A good book publicist will devise a plan to help the author in engaging every avenue suited to the author's target audience, including book bloggers, book reviewers, librarians, and editors and producers from local media, national and/or international media who cover the topics related to the book. The goal is to introduce the book to potential buyers.

It is imperative that a good publicist think like a journalist from the standpoint of what will interest the reader. Understanding the rules of the industry, which are ever-shifting, is as important as their knowing the rules of whom to pitch to, as well as how and when. Their insights come not only from their experience in the book publishing world, but their ongoing efforts to stay abreast of current news stories, trends, studies, etc. to adjust long-term messaging and spur new ideas. Book publicists must give the media useful and relevant information, and of course what is useful and relevant can change by the day.

Understanding the importance of local media, and networking with local media by going to media events like Press Clubs is never overlooked by an experienced book publicist. The goal is to help identify a local angle on a national story, which is always prized by local media.

While the needs of authors and their budget will dictate what the publicist will do for the author, a good book publicist provides some very important intangible assets. These will include acting as an information resource, giving concrete feedback about how their book is faring in the media, brainstorming ideas, and remaining the voice of reason to help keep the author grounded and focused. While knowing what a publicist does is an important first step in the decision process of whether an author should hire one or not, it is equally important for the author to understand their role in the client/publicist relationship.

Since every penny counts in an author's budget, considering affordable book publicist tactics is worth researching. A good publicist can help get the ball rolling, but cannot do the whole job for the author or the publisher. The author must be ready to make a considerable sweat equity investment and remain diligent in order to build their brand and gain fans of their work.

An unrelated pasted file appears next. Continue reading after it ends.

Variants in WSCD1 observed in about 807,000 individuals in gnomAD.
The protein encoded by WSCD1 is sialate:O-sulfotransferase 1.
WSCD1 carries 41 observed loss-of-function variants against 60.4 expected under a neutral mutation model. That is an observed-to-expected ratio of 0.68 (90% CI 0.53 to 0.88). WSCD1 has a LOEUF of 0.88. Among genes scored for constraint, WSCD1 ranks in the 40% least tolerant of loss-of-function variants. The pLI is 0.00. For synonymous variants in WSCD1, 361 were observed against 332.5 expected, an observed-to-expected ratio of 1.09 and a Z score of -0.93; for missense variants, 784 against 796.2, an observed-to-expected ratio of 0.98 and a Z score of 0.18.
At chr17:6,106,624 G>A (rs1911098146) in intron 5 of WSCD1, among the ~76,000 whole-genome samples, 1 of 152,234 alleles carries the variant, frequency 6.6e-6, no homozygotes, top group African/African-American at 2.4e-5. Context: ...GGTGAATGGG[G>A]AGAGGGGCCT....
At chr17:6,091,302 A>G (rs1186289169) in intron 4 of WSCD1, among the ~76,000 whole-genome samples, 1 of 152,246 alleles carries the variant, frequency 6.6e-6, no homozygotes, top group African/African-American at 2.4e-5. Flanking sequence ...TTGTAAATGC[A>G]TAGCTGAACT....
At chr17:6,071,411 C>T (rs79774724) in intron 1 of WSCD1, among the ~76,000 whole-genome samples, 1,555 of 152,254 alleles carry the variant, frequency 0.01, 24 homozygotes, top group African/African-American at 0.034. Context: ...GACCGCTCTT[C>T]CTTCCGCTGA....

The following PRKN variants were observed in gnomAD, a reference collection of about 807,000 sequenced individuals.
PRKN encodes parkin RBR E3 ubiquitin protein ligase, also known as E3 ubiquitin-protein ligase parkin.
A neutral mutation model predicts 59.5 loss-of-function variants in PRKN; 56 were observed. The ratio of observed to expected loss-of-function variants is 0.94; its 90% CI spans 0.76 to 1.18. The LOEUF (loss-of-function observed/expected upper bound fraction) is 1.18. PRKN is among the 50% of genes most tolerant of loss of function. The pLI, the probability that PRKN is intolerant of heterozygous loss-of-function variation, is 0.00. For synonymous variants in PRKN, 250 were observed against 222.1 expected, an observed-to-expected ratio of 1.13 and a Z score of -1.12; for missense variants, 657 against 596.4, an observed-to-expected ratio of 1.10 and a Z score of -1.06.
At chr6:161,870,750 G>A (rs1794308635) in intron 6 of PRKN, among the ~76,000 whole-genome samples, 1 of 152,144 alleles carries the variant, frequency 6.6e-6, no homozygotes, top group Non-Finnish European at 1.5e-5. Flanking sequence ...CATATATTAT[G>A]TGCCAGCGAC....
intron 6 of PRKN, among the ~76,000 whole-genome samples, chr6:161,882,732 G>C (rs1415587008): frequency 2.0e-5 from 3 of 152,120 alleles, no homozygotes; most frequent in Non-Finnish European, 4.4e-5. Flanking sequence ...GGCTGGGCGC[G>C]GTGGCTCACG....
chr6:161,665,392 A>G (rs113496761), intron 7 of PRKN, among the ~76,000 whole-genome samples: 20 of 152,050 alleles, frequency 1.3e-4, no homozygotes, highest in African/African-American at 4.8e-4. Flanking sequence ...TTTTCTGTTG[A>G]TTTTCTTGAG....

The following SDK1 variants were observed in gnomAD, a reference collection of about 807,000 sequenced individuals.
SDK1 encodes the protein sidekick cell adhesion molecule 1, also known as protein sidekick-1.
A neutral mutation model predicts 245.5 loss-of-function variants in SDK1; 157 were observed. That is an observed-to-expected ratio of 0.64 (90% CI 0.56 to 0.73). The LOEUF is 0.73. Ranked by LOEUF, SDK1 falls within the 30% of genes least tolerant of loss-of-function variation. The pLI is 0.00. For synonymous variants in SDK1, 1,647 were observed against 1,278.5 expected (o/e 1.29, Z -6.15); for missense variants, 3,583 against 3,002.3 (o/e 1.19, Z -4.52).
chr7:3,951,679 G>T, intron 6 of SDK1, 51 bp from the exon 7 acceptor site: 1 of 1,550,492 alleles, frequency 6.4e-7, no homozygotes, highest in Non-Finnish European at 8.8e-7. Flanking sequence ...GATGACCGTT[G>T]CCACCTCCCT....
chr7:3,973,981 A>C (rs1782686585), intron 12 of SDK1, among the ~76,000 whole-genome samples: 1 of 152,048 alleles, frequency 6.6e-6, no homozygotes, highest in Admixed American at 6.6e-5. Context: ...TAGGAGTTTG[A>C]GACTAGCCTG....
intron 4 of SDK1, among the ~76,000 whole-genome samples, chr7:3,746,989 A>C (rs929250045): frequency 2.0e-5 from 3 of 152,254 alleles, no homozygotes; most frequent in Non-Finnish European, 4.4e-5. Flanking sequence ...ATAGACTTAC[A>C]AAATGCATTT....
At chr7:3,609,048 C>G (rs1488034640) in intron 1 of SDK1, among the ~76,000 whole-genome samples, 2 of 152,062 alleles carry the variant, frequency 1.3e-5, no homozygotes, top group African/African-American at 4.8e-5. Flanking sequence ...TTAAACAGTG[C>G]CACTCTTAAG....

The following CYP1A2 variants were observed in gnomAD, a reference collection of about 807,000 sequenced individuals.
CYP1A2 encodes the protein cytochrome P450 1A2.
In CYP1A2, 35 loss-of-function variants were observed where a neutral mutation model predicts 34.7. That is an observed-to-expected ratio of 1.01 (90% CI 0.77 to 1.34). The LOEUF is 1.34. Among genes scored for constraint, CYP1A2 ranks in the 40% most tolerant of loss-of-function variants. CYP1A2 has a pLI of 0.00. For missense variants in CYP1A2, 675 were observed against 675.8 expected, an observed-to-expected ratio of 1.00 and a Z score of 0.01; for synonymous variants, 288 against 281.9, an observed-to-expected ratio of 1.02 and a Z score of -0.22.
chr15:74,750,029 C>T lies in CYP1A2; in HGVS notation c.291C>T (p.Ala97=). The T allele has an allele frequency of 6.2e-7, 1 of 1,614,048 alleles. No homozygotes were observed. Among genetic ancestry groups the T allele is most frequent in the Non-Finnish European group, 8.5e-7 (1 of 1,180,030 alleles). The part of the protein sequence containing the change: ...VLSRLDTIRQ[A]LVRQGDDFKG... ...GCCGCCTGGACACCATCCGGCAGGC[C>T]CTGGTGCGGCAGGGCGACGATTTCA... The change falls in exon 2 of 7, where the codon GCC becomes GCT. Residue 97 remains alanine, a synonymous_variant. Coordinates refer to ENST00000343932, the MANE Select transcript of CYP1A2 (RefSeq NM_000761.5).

Byline: Paul McKergee is a freelance writer with a strong interest in book marketing, book promotion and the intersections of writing and technology. For more information visit Smith Publicity.

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Thank you to Paul for an interesting insight into the work of a book publicist.

In my view, any author who is serious about getting his or her work into the best-seller lists should at least consider hiring a publicist at some stage. Obviously, there will be costs involved, but they may not be as much as you think, and can be an investment that pays off many times over.

Many book publicists and agencies offer fixed-cost packages for authors who want to keep their expenditure within tight limits, though you can of course always add to these later if things go well.

It should go without saying that you must have written a book you believe in wholeheartedly and are confident readers will enjoy. Assuming that is the case, an effective publicity campaign can set the ball rolling and create a growing torrent of media coverage.

Once this happens, word-of-mouth will hopefully take over and help you reach an even wider audience. It is, though, vitally important to generate enough media coverage to kick-start this process, and that is where a publicist can make such a valuable contribution.

If you have any comments or questions about book publicists for Paul (or me), please do leave them below.

Photo Credit: Eclipse Bookstore by brewbooks on Flickr. Reproduced under Creative Commons Attribution-Sharealike 2.0 Generic licence.